The easiest thing to stat with is a Linux "live CD" -- a bootable Linux CD which lets you learn, work, and play without modifying your existing PC at all. Knoppix (www.knoppix.org) is the reigning king of these. You'll be able to see the documents on your existing hard disk while you're running Knoppix.
Once you've done some learning, you'll be in a better position to set your system up to dual-boot from the hard drive, and better able to evaluate your many options in this area.
and if you search for and read a few how-to's on creating a dual boot machine, it is fairly simple and trouble free these days. Particularly if XP is installed first, since Linux can just move it to the side.
I find it easiest to install Linux on a separate hard drive. This makes it so you don't have to mess with repartitioning the hard drive that contains Windows and risk losing any data it might have. You can probably scrap a <20GB drive from an older machine which will give you plenty of space to get started. In fact, a 6GB drive will be big enough for most typical installs.
I have been using Linux dual boot machine for a few years now, and especially like the SuSE Linux distribution which is very easy to install even if you have never used linux before. The graphical/text installer can actually resize a Windows NTFS partition and let you use a part of an existings HD, in fact this is what I have on the computer I am sending this posting from.
A few pointers if you are willing to give it a shot: 1. Always back up!!! I remember reading once on a CD box "Don't be a fool back up is cool!" the guy/girl that put that their was very smart and I became so ... . The installation will probably go flawlessly as I have done it numerous times without major problems, but I know nothing about the pc/laptop you plan on using so back up. 2. If you are going to install on the same HD run the Windows disk checking utility and the defrag utility, before the install, to have windows rearrange everything more efficiently before Linux starts slicing its part. 3. If you wish to keep and use both OSes at different times, which in many cases is required (not all programs are available on all OSes). Create an FAT partition so that you can have a place where to store information and use it in any operating systems. NTFS will not be writable in Linux and Windows, of course, cannot even see a standard Linux partition Reiser or ext2/3 etc.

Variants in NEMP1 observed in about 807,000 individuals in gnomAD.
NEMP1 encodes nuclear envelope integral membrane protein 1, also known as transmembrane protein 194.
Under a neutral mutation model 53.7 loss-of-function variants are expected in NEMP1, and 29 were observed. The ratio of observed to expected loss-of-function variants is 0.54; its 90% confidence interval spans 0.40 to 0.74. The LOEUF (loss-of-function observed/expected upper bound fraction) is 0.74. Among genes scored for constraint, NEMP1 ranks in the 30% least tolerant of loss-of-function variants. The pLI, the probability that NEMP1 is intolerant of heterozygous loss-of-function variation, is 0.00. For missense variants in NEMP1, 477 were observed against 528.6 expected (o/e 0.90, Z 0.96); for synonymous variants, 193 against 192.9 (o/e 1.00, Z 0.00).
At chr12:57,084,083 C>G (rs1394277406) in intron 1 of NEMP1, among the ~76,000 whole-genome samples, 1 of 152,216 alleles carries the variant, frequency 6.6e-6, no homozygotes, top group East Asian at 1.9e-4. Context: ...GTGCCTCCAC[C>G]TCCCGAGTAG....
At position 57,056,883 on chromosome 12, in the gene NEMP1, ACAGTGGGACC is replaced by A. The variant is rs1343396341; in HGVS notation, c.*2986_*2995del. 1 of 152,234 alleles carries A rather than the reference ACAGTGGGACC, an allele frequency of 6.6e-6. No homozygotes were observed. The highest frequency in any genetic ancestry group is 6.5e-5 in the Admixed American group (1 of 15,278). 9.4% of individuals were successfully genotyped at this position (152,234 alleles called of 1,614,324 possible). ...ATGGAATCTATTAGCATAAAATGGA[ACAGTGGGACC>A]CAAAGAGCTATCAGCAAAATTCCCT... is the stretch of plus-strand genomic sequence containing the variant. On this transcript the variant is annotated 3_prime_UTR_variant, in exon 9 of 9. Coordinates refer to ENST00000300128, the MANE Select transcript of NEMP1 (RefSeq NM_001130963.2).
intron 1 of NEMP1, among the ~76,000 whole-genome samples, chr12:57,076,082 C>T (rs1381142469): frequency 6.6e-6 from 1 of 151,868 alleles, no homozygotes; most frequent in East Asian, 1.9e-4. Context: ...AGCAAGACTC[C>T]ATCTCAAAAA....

If you wish to try SuSE check out www.opensuse.org if you wish to try something else checkout www.distrowatch.com, you will find CD distros there Knoppix is a really good one e-Live is good looking one . There is a lot of variety in Linux and it all comes down to what you want, but it is a great OS!
Windows, of course, cannot even see a standard Linux partition Reiser or ext2/3 etc.
You can get extensions to the windows explorer to allow it to browse and manipulate ext and reiser file systems (aparently). I had a dual boot xp on ntfs/fedora 4 on a reiser file system but I mangled the fedora filesystem before trying the tools from Windows.
Thanks for the pointer this is news to me and interesting news. I have though given up on having a single drive as my work makes me use many on different OSes so I am "lugging" a USB drive from smartdisk that has an FAT partition and works anywhere I plug it MAC, Linux, Windows. I wish to experiment with an encrypted partition but I like the flexibility.
I saw on the other thread someone mention that FAT is slower than NTFS, I do not thing that is the case as it does not contain security info, which makes it faster to read and manipulate.
I just want to add that if you try a distribution and don't like the result (for example hardware detection wasn't good enough for you), it is a good idea to try another one. Not all the distributions are equal in detecting your hardware or/and in performance after installing them. I prefer the one CD distribution and after that I add what I need. In general every one has its advantages and disadvantages, also depends on your needs and taste. Personally i like the Debian based distributions like: Kanotix http://kanotix.com/ is both live CD and installation CD based on Knopix (this is my favorite one) Mepis http://www.mepis.com/ also live CD and installation one Ubuntu http://www.ubuntulinux.org/ either live CD or installation CD
If you have old PC you might look Vector Linux http://www.vectorlinux.com/ , this one based on Slackware and I read very good reviews about it, didn't try it yet though. And if you want very small linux (50 MB download), you can try http://www.damnsmalllinux.org/ which is both live CD and installation CD.